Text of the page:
10. DW1 testified that Land Parcels Numbers Magumoni/Itugururu/1035 & 1036 were registered in the name of Zacharia Nkuna, his father. He said that the original titles to the suit land were in his custody.
11. DW1 asked the court to adopt his witness statement dated 30th August, 2017 as his evidence in this suit.
12. When cross-examined by Mr. Okwaro, the plaintiff’s advocate, DW1 was categorical that the suit lands were registered in the name of his father, Zacharia Nkune. He was also categorical that Land Parcel Number Parcel Magumoni/Itugururu/1037 was registered in the name of Agnes Karuru Mugunda. Shown Green Cards for Land Parcel Numbers Magumoni/Itugururu/1035, 1036 and 1037, he reluctantly agreed that the parcels of land were shown to be registered in the name of the plaintiff Sara Thara. DW1 denied knowledge of suit No. Chuka SPM 8 of 1990 which was said to have been the authority concerning transfer of the suit lands to the plaintiff. Cross-examined further, he admitted knowledge of the suit which he said was his father’s suit. He however said that he was not involved in the suit.
13. DW1 denied that he had refused to present the original titles to the Land Registrar so that they could be destroyed before new titles were issued by the Registrar. He also admitted that he had never challenged the genuineness of the plaintiff’s Titles to the suit land in any court of law.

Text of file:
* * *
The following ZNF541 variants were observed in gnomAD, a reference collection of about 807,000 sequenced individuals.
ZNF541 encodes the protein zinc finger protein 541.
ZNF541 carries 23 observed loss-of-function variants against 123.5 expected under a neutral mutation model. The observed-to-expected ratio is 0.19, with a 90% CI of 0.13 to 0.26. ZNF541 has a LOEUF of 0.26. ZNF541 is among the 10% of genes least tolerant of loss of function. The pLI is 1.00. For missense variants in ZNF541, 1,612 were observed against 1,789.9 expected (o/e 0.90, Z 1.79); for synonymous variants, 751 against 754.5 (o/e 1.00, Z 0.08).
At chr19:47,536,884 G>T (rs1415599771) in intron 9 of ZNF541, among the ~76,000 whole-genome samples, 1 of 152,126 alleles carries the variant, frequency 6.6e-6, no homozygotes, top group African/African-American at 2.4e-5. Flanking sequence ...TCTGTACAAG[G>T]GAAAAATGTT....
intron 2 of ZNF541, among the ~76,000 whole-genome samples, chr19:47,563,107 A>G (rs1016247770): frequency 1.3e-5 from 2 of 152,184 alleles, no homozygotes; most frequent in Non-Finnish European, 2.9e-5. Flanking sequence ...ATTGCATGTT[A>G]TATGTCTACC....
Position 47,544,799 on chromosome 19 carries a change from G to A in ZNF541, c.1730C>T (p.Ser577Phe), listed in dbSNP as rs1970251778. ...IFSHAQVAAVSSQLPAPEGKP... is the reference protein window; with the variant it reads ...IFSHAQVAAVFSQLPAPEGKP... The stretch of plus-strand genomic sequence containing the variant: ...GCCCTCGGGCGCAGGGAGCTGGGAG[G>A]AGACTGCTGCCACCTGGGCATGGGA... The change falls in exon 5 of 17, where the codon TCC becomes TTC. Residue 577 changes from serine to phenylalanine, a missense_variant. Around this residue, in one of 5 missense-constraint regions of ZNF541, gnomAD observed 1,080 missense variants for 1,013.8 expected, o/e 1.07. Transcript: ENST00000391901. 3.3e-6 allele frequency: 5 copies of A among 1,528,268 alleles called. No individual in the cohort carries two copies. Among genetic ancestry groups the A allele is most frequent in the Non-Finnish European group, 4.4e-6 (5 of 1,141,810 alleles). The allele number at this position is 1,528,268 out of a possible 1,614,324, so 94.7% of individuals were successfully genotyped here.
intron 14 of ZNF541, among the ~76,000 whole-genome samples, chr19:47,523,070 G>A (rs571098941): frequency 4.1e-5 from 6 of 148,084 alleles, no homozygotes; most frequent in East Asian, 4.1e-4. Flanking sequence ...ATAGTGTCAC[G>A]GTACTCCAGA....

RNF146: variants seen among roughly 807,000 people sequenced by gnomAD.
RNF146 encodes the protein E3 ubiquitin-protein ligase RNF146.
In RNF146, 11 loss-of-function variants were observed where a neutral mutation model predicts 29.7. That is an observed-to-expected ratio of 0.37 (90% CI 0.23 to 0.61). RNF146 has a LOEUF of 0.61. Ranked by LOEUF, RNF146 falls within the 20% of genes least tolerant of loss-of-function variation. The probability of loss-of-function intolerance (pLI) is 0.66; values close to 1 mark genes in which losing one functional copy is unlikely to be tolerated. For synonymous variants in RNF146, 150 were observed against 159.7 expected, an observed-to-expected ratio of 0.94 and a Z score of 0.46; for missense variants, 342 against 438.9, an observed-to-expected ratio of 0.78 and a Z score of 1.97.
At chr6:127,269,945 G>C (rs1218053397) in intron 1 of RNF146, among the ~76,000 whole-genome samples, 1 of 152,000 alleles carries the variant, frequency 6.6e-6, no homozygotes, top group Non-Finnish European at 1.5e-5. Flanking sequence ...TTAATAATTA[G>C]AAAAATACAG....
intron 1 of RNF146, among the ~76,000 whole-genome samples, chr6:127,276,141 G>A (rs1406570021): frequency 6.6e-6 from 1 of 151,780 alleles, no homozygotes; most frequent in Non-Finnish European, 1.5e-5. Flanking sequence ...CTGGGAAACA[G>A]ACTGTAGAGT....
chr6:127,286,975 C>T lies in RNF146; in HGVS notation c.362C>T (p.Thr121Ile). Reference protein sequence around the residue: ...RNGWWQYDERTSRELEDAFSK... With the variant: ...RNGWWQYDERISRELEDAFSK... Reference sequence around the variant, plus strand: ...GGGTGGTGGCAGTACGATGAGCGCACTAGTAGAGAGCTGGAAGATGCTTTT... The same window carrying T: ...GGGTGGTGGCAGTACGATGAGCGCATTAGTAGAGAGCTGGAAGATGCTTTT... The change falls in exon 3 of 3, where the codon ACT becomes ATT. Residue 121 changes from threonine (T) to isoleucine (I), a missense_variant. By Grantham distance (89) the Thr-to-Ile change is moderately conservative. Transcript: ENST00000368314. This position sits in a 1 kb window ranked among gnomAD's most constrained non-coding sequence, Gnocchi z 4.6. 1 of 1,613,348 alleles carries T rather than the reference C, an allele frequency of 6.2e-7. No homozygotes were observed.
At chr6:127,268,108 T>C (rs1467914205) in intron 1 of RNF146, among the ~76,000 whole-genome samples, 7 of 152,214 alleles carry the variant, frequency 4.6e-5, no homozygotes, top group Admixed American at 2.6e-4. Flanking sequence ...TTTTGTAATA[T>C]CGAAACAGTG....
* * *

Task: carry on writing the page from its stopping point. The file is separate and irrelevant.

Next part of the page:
14. DW1 admitted that at one time the plaintiff had lived on the suit land but added that he and his father “returned her to her father”. He admitted that he had participated in the plaintiff’s eviction from the suit land, together with his clan members.
15. During further cross-examination DW1 told the court that he did not use the suit land. He also denied renting out the suit lands to other people. Immediately thereafter, DW1 told the court he had sometimes after the eviction of the plaintiff, used the suit land. He denied beating up the plaintiff and destroying her house.
16. Reluctantly he admitted that a criminal case had been filed against him, his father and another person with respect to the beating up of the plaintiff and her eviction. DW1 claimed that the suit had been compromised, without saying how and proffered that he and his co-accused had been given a non-custodial sentence. He admitted that the three of them did not appeal against the conviction handed down in that case.